Playing Video Games during Summer won’t deem Imperfect

Video games aren’t stretching people’s mental health, and they’re not allowing it. According to a study of gamers, they don’t do much to push the needle at all.

Policymakers and public health bodies have expressed anxiety about the potential for video games to be addictive or damage mental health.

This study, broadcasted in the journal Royal Society Open Science, shows one of the more comprehensive glances at the relationship between video games and well-being. Moreover, it makes on previous research from the same team that didn’t discover harmful effects on mental health.

The research team operated with video game publishers to recruit nearly 39,000 people who played one of seven games: Apex Legends, Eve Online, Animal Crossing: New Horizons, Forza Horizon 4, Gran Turismo Sport, and The Crew 2. The game publishers provided gameplay data for participants over six weeks, and the researchers surveyed participants three times.

Because the team could examine players’ gaming data, they didn’t have to rely on players’ self-reporting the part of the time they spent playing games so the team could get a more accurate read on gaming time. Instead, the study measured well-being using the scale of positive and negative experiences, which asked people to rank how often they participated with feelings like “happy” and “afraid.” Cantril’s self-anchoring scale asks people to say where they are on a ladder, with the top depicting their best possible life.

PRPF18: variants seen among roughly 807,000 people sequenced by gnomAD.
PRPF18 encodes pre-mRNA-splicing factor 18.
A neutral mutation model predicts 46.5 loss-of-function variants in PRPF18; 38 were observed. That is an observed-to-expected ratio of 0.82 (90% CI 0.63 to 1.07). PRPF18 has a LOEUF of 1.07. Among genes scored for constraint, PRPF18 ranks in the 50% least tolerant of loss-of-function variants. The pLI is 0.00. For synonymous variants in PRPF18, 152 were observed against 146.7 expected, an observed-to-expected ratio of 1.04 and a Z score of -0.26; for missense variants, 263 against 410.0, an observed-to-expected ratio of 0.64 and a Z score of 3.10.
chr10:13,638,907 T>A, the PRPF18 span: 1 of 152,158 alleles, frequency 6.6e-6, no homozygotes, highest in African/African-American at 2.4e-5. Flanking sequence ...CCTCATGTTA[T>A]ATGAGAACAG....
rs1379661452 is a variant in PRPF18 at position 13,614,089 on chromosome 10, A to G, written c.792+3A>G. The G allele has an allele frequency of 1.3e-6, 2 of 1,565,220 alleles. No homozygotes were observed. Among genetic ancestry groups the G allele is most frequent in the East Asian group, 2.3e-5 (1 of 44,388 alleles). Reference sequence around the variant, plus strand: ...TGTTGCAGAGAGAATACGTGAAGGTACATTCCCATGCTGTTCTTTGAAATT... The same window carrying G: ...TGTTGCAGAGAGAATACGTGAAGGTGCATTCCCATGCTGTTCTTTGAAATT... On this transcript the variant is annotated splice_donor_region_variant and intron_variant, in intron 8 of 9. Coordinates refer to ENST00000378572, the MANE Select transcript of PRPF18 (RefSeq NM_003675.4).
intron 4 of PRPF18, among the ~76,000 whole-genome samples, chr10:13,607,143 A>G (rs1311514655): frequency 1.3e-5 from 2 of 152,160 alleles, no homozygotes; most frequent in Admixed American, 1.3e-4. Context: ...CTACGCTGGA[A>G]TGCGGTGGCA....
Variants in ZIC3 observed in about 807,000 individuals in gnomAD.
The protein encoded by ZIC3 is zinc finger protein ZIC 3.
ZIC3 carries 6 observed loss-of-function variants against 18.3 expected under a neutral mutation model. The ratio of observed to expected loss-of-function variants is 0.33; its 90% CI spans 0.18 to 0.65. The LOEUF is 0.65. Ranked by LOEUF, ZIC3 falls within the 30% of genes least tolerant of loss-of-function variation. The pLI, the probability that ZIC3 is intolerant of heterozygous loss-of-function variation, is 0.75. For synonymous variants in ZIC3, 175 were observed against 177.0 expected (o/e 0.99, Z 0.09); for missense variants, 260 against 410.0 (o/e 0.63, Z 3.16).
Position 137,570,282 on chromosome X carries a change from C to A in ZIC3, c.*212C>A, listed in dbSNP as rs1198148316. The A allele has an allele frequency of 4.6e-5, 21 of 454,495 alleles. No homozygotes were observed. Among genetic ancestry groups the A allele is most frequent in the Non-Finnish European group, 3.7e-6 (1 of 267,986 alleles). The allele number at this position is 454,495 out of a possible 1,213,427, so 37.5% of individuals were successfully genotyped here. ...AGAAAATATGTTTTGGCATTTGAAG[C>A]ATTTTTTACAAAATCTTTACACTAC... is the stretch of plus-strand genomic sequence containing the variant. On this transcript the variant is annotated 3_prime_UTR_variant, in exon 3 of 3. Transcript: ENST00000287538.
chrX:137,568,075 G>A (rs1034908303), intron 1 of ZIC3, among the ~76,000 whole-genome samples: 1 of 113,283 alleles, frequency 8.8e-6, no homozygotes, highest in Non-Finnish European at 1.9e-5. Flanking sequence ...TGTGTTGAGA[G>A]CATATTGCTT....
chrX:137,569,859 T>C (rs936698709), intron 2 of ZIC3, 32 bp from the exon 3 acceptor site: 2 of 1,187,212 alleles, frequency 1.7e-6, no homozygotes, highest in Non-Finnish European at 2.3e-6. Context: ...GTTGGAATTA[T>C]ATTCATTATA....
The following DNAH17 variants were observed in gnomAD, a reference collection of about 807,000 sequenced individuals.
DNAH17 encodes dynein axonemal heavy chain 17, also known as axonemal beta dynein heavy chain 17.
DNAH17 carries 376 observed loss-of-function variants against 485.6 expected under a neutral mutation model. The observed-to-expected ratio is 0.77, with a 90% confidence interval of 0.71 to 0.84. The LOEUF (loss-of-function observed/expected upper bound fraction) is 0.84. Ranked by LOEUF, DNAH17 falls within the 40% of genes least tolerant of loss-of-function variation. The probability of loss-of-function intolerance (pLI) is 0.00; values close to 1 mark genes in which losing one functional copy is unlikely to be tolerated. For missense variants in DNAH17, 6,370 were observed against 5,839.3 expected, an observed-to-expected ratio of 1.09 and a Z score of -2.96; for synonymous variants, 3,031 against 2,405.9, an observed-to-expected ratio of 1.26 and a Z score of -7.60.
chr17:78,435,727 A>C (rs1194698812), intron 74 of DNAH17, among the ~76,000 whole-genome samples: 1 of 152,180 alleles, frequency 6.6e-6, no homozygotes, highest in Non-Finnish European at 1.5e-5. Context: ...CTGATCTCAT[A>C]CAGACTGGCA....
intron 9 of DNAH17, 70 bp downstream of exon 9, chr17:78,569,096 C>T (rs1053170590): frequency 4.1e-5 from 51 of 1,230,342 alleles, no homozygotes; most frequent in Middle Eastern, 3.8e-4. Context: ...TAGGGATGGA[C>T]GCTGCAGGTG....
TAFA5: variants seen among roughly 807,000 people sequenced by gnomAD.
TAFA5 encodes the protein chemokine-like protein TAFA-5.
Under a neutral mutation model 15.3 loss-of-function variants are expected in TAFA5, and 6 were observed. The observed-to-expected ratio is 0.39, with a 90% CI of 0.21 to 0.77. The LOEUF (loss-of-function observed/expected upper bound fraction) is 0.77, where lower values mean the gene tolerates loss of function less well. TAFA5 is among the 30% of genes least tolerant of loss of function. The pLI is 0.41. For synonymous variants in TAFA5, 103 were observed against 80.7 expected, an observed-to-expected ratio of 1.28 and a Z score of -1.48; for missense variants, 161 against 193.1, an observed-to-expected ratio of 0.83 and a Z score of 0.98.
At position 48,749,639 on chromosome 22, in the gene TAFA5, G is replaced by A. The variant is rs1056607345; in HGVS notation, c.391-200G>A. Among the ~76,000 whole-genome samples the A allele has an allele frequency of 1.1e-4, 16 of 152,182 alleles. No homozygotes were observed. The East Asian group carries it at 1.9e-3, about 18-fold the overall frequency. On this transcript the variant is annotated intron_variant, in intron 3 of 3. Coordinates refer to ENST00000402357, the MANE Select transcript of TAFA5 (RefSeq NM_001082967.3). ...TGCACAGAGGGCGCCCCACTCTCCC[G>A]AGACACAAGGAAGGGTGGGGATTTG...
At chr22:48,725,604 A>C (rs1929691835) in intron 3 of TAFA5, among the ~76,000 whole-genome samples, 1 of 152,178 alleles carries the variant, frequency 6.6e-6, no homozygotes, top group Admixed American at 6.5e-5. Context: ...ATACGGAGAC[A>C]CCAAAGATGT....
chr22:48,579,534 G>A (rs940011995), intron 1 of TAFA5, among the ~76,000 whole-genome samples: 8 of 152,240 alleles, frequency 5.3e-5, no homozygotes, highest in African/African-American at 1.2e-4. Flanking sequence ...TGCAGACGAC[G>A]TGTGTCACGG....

The study also asked individuals to take the Player Experience of Need Satisfaction survey, which tracks people’s experience with specific games monitoring things like their perception of autonomy and motivations to play the game.

The analysis discovered that consuming more or less time playing games didn’t negatively or positively impact how people felt. Conversely, how people felt didn’t significantly impact how much time people spent gaming.

The authors said any role video games play in skewing well-being that did pop up in the analysis was too small to have a real-world impact on how people feel. The study found that people would have to play games for ten more hours per day than their baseline to notice shifts in their well-being.

The study found proof that people’s reasons for playing games and their experience playing them had a negligibly more significant impact on well-being. For example, when people played games because they desired to, their well-being was better than when people recreated games because they felt driven to. Still, those relationships were small, and it’s unclear if those motivations would have much of a noticeable impact on players.

The authors noted that there’s still more to learn about how video games impact people’s feelings and behavior. This analysis only glimpsed at a handful of the thousands of fun on the market. Researchers still need to investigate how motivations to play games and the quality of gameplay could shift people’s experiences. They also must figure out if certain people have characteristics that drive them more or less susceptible to shifts in well-being.